Test icing on parchment or wax paper. Add milk or powdered sugar as needed to get it the right consistency. Weather can affect this. Piping icing should leave a line that does not run. Fill squeeze bottles with piping icing and outline cookies. Allow to firm up for 20 minutes or so. Fill other bottles with flooding icing which should flow freely. Squirt in center of cookie, coax to piping line with toothpick if needed. Allow to dry for 24 hours before applying details. If sugaring cookie, sprinkle after flooding two or three and shake off excess after they dry.
“Who can add to Christmas?
The perfect motive is that God so loved the world.
The perfect gift is that He gave His only Son.
The only requirement is to believe in Him.
The reward of faith is that you shall have everlasting life.”
~ Corrie Ten Boom
“Oh give thanks to the Lord, for He is good,
For His lovingkindness is everlasting.” ~ Psalm 107:1
Homeschooling Mom’s Retreat
November 12, 2016
9:00am to 2:00pm
Fiatt Independent Christian Church
Route 9 Fiatt, Illinois
Come and join us for a wonderful day of refreshment, fellowship, and inspiration as we celebrate the joy of being homeschooling moms! And we are so excited that our featured speaker for the day is Fran Eaton!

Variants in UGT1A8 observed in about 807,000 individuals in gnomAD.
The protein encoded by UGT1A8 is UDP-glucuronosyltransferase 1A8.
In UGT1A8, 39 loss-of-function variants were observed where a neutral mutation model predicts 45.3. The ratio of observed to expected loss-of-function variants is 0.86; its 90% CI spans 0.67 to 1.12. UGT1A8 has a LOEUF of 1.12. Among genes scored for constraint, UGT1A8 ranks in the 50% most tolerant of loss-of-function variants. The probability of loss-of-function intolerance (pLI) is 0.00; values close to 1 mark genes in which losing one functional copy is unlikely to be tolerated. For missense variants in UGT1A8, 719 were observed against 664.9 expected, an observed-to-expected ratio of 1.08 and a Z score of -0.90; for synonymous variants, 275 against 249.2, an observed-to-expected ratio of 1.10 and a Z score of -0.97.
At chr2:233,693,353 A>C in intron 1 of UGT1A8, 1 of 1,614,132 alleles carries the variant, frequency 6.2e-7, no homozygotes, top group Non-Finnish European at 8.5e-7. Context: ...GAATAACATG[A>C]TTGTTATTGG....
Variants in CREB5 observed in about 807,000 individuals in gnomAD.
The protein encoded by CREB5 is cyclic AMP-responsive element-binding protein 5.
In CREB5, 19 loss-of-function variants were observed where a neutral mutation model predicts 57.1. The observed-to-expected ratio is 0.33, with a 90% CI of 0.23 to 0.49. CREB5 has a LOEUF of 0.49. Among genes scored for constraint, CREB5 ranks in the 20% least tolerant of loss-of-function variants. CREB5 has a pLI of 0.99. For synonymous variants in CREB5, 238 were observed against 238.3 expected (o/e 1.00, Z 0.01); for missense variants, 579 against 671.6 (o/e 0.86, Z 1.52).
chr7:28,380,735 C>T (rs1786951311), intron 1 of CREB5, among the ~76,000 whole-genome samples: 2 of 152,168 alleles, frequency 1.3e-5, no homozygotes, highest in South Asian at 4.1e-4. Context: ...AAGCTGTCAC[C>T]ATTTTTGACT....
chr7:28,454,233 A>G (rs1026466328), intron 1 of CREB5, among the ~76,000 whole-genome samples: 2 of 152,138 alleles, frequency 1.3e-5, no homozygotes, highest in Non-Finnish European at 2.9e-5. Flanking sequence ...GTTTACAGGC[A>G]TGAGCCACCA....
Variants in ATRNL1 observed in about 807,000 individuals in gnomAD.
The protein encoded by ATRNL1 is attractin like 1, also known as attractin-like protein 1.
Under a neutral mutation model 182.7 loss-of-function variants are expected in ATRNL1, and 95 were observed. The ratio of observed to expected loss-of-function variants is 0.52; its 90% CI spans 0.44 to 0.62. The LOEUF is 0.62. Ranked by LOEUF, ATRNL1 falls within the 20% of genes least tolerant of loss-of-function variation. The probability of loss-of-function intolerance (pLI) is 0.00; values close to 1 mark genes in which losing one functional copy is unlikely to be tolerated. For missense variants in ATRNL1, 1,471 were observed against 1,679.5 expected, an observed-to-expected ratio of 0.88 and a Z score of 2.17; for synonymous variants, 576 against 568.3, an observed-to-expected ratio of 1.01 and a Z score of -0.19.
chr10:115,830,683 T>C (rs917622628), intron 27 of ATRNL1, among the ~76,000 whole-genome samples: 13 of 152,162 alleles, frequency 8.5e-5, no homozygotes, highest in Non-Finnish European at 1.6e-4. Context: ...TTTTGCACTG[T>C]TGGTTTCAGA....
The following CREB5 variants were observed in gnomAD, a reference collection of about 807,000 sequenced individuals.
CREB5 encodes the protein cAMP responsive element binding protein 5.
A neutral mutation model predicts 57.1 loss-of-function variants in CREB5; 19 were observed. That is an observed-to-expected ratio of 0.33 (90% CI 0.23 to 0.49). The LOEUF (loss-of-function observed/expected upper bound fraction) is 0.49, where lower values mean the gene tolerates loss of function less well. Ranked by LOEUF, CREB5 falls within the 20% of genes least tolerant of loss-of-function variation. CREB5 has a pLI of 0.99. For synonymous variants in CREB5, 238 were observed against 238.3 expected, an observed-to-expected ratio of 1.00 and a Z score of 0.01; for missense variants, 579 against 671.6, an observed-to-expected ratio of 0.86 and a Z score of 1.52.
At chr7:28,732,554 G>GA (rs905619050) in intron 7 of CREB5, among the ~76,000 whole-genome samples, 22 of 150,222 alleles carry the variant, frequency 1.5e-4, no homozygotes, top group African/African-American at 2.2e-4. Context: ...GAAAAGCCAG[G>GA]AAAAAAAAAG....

Fran and her husband, Joe, heard Dr. Dobson interview Dr. Raymond Moore in 1984 that caused them to change course as parents. The next fall they began teaching their three children at home and continued until the youngest finished high school 14 years later. During that time, Fran and her husband were active in the Christian Home Educators of the South Suburbs and the statewide legislative organization Christian Home Educators Coalition. After the youngest finished home schooling, Fran because the state president of Eagle Forum of Illinois and soon after starting writing a political column for the Sun Times News Group’s Southtown Star. She also co-founded a political news source about Illinois politics called Illinois Review, which continues today. She’s the proud mother of three adult children, nine grandchildren, and she and her husband Joe just celebrated their 43 wedding anniversary.
To register, send your information along with a check for $20.00 to: Susan Tuttle, 18725 W. Farmington Rd., Trivoli, Il. 61569 Make checks payable to Karen Campbell. All registrations must be received by November 5th. Nursing babies are welcome but we cannot accommodate other children at this time.
Choose one for your old-fashioned box lunch! All options include fruit salad, veggies, and bottled water.
_____Roast beef on wheat bread _____Turkey on wheat bread
_____Chicken salad on croissant _____Vegetarian on wheat bread
_____Gluten-free roast or turkey